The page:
Your journey has just begun
Congratulations! You've just completed your introduction to web design.
What you have learnt is consistent with the current versions of HTML and CSS, so you have a firm footing upon which to develop your skills. However, you have only taken the first steps of a neverending journey. There will always be something you would like to do, some new trick or technique to allow you to achieve a desired effect, so you will be frequently searching for answers.
With some carefully chosen keywords, you will most likely find what you need at one of the wonderful sites I've credited at the beginning of this course. They are your friends.
Your priorities now
But before feeling too chuffed, you should be aware you have only learned to design for fully abled users using desktop devices. With the content of this course mastered, overcoming these limitations should be your priority.
- Choose colours that meet the needs of people with a visual impairment
- Links should be distinctive and descriptive
- Images should have an alt attribute. The exception is images that are merely 'eye candy', in which case the alt attribute should be left empty
- Carefully write your code using the appropriate heading (h1, h2 etc) and semantic elements. This allows assistive technologies to do their job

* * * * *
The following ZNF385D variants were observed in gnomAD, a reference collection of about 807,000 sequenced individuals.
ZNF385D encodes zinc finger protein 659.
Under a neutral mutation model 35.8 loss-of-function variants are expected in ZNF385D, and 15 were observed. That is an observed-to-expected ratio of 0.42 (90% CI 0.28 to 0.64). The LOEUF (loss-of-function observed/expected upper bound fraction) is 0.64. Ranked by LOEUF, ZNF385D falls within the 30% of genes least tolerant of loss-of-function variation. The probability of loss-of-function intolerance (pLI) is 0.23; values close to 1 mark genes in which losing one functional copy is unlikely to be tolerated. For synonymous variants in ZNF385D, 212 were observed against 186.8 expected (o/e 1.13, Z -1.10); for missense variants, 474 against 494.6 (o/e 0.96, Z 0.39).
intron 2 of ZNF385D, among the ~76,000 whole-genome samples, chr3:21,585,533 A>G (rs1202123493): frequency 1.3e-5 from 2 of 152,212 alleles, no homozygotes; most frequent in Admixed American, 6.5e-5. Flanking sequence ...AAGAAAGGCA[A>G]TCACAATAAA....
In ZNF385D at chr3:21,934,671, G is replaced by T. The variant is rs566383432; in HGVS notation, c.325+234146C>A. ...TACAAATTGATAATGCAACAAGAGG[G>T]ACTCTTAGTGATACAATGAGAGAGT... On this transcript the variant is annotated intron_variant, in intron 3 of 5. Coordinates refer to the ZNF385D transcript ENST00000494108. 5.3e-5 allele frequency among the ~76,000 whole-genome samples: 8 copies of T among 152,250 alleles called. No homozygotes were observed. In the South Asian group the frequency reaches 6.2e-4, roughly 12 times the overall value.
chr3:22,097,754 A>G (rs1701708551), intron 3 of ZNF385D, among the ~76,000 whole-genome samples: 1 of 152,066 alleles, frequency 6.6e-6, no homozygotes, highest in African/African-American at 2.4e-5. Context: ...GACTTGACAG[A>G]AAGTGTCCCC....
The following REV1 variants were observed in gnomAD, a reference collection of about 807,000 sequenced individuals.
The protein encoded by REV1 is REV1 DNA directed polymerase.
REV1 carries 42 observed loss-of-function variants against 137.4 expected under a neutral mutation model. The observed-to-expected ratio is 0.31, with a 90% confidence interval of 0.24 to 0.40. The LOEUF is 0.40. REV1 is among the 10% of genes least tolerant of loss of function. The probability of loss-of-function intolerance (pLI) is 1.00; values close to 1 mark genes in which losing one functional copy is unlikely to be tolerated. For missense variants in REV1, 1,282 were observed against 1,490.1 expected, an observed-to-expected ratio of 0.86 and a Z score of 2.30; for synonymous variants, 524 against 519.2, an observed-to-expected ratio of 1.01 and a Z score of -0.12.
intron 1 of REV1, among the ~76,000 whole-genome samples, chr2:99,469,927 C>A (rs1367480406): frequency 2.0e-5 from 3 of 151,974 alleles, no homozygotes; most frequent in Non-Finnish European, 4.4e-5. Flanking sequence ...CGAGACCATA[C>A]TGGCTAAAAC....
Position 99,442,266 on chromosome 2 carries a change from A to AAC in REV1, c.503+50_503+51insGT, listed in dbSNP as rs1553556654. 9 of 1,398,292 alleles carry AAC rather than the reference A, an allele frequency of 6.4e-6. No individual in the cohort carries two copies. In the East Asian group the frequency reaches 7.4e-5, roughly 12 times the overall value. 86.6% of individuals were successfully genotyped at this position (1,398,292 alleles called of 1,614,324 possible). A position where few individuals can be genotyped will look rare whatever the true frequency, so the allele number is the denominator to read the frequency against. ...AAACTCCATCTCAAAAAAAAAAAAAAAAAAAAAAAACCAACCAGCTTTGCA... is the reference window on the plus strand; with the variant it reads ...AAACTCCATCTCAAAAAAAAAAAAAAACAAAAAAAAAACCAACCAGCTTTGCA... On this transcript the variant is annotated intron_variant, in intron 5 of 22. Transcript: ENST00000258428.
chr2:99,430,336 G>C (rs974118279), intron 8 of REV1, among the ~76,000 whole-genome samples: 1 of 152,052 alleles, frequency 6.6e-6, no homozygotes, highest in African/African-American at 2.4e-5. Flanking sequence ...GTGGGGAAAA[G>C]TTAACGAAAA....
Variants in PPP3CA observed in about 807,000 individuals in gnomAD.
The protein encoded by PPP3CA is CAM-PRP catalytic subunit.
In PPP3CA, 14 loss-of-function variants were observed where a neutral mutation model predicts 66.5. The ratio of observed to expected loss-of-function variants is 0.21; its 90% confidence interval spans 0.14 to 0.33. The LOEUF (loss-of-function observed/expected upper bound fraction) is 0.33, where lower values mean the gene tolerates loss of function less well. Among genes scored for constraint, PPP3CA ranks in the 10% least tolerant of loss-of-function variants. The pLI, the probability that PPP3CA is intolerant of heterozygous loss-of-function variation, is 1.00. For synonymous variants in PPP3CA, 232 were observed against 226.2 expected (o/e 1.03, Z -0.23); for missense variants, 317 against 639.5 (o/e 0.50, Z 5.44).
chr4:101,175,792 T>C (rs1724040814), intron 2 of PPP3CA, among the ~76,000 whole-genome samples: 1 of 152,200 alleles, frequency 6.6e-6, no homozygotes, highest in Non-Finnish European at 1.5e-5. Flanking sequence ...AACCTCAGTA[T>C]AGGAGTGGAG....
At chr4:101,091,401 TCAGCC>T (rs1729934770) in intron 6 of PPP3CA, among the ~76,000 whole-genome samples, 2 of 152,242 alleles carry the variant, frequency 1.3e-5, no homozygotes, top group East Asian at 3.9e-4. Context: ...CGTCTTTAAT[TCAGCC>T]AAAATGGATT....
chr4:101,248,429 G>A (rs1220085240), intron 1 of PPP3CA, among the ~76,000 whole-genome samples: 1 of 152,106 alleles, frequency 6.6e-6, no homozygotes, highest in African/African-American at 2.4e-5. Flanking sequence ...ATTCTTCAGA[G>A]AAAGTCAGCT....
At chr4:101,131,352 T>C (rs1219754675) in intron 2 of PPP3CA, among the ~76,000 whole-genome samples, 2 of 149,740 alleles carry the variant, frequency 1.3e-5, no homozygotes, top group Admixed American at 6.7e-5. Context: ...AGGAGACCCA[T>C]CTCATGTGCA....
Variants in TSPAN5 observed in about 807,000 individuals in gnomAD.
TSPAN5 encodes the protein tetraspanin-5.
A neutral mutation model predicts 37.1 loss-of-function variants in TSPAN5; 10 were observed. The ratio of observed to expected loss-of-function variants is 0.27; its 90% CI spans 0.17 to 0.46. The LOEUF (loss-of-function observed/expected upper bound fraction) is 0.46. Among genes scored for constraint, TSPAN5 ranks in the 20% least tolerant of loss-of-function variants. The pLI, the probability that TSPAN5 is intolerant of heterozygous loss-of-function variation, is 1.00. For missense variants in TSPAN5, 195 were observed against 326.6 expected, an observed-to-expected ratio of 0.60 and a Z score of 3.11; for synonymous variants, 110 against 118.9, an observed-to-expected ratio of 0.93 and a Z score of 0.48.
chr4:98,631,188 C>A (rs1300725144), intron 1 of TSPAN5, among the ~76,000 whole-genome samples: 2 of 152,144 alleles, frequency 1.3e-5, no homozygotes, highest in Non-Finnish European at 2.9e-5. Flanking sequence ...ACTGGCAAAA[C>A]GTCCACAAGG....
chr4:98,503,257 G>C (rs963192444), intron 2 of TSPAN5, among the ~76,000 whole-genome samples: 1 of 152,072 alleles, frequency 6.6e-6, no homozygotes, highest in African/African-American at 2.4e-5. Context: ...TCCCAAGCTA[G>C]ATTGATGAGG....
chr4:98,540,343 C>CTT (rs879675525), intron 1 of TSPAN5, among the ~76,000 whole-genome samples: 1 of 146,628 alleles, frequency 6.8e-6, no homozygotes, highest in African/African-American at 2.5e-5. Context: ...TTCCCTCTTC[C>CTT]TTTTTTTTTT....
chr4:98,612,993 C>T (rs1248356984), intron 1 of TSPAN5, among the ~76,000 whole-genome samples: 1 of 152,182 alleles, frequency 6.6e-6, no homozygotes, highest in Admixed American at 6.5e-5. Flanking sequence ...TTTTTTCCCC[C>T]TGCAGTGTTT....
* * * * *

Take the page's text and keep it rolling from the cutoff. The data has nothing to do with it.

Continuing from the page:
- Test your work, preferably using humans as well as online tools
For a much more comprehensive guide, refer to the archived website of accessibility expert Jim Thatcher and his surprisingly readable tutorial on website accessibility.
Designing for portable devices
Most web browsing is done on portable devices, such as tablets and phones, so this is hardly a trivial consideration. And what's more, Google searches give greater prominence to 'mobile friendly' sites. So you'd be smart to learn about designing websites for different devices ('responsive design') as soon as you gain a little confidence.
Another thing you should be aware of is the W3C markup validation service. This free service checks your work to ensure it conforms to the web standards.
Go to the W3C validator website, navigate to your HTML file and click on 'Check'. You will then be presented with a list of any errors.
The list will at first look a little intimidating, but, even if you cannot fully understand it, you will at least be aware of exactly where to look. This service will show up any markup typos, duplications and omissions, so it's well worth using.
Other topics to look up
You are probably aware that you have a long way to go before you can say you’ve mastered web design. This course certainly makes no pretence at being comprehensive, as much has been left out for the sake of getting you up and running. Now is the time for more reading so you can get an idea of what HTML and CSS have to offer. For now, here are just a few topics to investigate:
- Some display values have not been covered here
- CSS grid
- 'Flex' layout
- Column layout using CSS
- Details of the ‘head’ section of the HTML page
Learn from other people's code
You'll always be finding a site with some nifty new feature you'd like on your own site, and you can often get a few clues from looking at their code. You can view the code for any webpage by right-clicking on the page and selecting 'view source' (or similar, depending on the browser).